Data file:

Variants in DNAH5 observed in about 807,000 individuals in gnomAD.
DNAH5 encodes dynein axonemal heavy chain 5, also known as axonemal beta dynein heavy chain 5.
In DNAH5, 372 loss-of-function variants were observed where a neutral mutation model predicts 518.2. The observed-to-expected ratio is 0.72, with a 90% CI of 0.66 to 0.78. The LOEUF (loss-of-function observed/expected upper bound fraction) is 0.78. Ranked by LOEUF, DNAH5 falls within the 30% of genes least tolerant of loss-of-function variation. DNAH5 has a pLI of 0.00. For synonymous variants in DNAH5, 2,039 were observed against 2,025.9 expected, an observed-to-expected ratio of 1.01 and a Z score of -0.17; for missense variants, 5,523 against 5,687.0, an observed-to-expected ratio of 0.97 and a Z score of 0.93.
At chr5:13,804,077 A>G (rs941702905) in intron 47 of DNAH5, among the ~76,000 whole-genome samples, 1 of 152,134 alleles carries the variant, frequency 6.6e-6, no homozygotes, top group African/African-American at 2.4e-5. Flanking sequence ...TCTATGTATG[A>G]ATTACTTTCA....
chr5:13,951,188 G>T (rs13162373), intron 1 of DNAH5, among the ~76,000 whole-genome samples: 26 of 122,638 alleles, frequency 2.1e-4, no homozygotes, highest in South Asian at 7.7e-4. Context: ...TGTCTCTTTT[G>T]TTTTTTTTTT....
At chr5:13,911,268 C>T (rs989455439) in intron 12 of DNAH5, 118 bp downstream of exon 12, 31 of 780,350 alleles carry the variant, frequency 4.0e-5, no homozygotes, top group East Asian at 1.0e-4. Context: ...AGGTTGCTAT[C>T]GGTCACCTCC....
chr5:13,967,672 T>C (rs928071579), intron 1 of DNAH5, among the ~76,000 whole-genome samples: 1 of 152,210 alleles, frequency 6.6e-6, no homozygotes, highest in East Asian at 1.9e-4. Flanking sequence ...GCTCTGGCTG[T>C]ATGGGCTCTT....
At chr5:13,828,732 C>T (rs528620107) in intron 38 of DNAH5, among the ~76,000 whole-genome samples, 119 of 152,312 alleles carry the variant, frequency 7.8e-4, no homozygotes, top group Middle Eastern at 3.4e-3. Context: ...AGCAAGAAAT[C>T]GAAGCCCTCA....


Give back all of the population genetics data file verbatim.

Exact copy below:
Variants in DNAH5 observed in about 807,000 individuals in gnomAD.
DNAH5 encodes dynein axonemal heavy chain 5, also known as axonemal beta dynein heavy chain 5.
In DNAH5, 372 loss-of-function variants were observed where a neutral mutation model predicts 518.2. The observed-to-expected ratio is 0.72, with a 90% CI of 0.66 to 0.78. The LOEUF (loss-of-function observed/expected upper bound fraction) is 0.78. Ranked by LOEUF, DNAH5 falls within the 30% of genes least tolerant of loss-of-function variation. DNAH5 has a pLI of 0.00. For synonymous variants in DNAH5, 2,039 were observed against 2,025.9 expected, an observed-to-expected ratio of 1.01 and a Z score of -0.17; for missense variants, 5,523 against 5,687.0, an observed-to-expected ratio of 0.97 and a Z score of 0.93.
At chr5:13,804,077 A>G (rs941702905) in intron 47 of DNAH5, among the ~76,000 whole-genome samples, 1 of 152,134 alleles carries the variant, frequency 6.6e-6, no homozygotes, top group African/African-American at 2.4e-5. Flanking sequence ...TCTATGTATG[A>G]ATTACTTTCA....
chr5:13,951,188 G>T (rs13162373), intron 1 of DNAH5, among the ~76,000 whole-genome samples: 26 of 122,638 alleles, frequency 2.1e-4, no homozygotes, highest in South Asian at 7.7e-4. Context: ...TGTCTCTTTT[G>T]TTTTTTTTTT....
At chr5:13,911,268 C>T (rs989455439) in intron 12 of DNAH5, 118 bp downstream of exon 12, 31 of 780,350 alleles carry the variant, frequency 4.0e-5, no homozygotes, top group East Asian at 1.0e-4. Context: ...AGGTTGCTAT[C>T]GGTCACCTCC....
chr5:13,967,672 T>C (rs928071579), intron 1 of DNAH5, among the ~76,000 whole-genome samples: 1 of 152,210 alleles, frequency 6.6e-6, no homozygotes, highest in East Asian at 1.9e-4. Flanking sequence ...GCTCTGGCTG[T>C]ATGGGCTCTT....
At chr5:13,828,732 C>T (rs528620107) in intron 38 of DNAH5, among the ~76,000 whole-genome samples, 119 of 152,312 alleles carry the variant, frequency 7.8e-4, no homozygotes, top group Middle Eastern at 3.4e-3. Context: ...AGCAAGAAAT[C>T]GAAGCCCTCA....